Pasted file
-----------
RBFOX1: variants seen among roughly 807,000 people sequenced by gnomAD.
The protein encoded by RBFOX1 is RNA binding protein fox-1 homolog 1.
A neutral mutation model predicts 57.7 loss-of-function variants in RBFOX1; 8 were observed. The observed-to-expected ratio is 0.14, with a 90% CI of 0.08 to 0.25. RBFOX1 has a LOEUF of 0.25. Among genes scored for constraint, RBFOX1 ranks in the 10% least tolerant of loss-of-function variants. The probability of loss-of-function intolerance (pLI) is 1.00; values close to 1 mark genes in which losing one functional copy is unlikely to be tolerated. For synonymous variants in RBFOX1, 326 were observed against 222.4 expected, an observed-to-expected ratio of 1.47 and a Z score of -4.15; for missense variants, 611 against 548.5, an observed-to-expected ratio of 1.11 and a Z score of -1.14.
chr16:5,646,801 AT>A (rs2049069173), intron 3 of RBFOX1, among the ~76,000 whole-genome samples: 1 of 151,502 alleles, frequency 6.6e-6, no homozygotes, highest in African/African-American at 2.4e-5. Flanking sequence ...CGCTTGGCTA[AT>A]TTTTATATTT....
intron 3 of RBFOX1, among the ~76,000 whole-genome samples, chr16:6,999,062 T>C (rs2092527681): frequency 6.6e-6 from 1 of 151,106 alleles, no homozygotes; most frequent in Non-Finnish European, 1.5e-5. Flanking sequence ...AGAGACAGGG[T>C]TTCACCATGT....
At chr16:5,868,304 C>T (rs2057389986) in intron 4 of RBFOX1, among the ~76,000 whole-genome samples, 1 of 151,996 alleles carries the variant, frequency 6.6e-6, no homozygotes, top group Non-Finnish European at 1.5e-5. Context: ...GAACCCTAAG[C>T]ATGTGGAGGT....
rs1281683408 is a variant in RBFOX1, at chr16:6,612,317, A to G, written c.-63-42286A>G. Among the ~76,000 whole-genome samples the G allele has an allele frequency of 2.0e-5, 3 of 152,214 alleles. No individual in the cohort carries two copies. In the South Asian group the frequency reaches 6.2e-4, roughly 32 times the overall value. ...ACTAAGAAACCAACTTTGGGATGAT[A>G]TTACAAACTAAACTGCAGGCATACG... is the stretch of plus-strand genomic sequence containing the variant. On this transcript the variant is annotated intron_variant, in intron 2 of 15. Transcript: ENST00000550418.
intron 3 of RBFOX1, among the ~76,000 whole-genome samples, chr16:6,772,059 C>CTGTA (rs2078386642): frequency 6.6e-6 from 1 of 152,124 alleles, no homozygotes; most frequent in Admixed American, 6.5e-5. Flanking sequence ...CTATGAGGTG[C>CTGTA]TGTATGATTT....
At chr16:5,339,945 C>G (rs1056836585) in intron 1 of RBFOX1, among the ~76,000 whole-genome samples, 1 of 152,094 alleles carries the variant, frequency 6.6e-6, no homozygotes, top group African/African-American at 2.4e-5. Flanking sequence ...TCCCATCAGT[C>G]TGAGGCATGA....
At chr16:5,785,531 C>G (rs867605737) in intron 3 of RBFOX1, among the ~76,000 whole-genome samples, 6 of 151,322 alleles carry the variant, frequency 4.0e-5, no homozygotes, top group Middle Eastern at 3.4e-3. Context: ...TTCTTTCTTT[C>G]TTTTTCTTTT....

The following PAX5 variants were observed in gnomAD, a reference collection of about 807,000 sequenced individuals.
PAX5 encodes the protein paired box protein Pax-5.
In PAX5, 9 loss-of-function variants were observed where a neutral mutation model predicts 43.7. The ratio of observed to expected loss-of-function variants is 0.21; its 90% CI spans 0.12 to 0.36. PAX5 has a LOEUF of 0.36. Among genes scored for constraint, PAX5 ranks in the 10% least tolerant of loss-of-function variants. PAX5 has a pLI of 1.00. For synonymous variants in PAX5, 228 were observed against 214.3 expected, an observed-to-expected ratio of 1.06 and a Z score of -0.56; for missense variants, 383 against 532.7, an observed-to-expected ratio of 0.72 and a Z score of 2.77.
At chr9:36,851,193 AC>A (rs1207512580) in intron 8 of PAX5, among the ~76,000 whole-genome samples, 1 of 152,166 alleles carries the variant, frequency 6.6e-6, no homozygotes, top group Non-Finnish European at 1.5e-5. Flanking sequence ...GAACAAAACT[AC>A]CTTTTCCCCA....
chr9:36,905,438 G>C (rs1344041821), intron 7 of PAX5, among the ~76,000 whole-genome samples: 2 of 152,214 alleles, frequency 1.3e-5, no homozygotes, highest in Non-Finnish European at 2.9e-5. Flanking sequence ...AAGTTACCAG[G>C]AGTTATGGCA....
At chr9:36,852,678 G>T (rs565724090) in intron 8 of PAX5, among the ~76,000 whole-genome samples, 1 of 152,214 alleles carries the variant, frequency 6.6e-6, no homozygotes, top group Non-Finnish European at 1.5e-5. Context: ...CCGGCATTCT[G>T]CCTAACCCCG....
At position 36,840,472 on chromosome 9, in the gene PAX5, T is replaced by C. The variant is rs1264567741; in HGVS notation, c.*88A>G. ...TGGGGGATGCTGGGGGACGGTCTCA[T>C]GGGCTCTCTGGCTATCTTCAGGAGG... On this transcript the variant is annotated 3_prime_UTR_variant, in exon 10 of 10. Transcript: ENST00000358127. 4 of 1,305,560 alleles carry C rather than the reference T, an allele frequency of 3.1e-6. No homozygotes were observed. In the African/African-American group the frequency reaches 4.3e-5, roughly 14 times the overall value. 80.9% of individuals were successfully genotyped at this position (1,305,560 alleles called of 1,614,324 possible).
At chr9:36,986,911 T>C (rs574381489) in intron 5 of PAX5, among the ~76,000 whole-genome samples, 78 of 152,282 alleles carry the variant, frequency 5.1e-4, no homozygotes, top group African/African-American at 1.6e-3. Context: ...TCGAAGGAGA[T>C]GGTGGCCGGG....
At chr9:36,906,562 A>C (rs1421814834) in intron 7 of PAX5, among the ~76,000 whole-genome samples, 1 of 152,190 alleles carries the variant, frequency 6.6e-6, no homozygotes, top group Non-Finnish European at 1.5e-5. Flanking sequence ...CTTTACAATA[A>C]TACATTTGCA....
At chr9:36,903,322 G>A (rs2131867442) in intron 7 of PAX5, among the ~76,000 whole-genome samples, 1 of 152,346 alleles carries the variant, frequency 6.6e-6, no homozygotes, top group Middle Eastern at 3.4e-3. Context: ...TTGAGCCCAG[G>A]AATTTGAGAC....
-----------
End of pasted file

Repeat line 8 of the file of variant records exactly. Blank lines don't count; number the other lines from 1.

intron 3 of RBFOX1, among the ~76,000 whole-genome samples, chr16:6,772,059 C>CTGTA (rs2078386642): frequency 6.6e-6 from 1 of 152,124 alleles, no homozygotes; most frequent in Admixed American, 6.5e-5. Flanking sequence ...CTATGAGGTG[C>CTGTA]TGTATGATTT....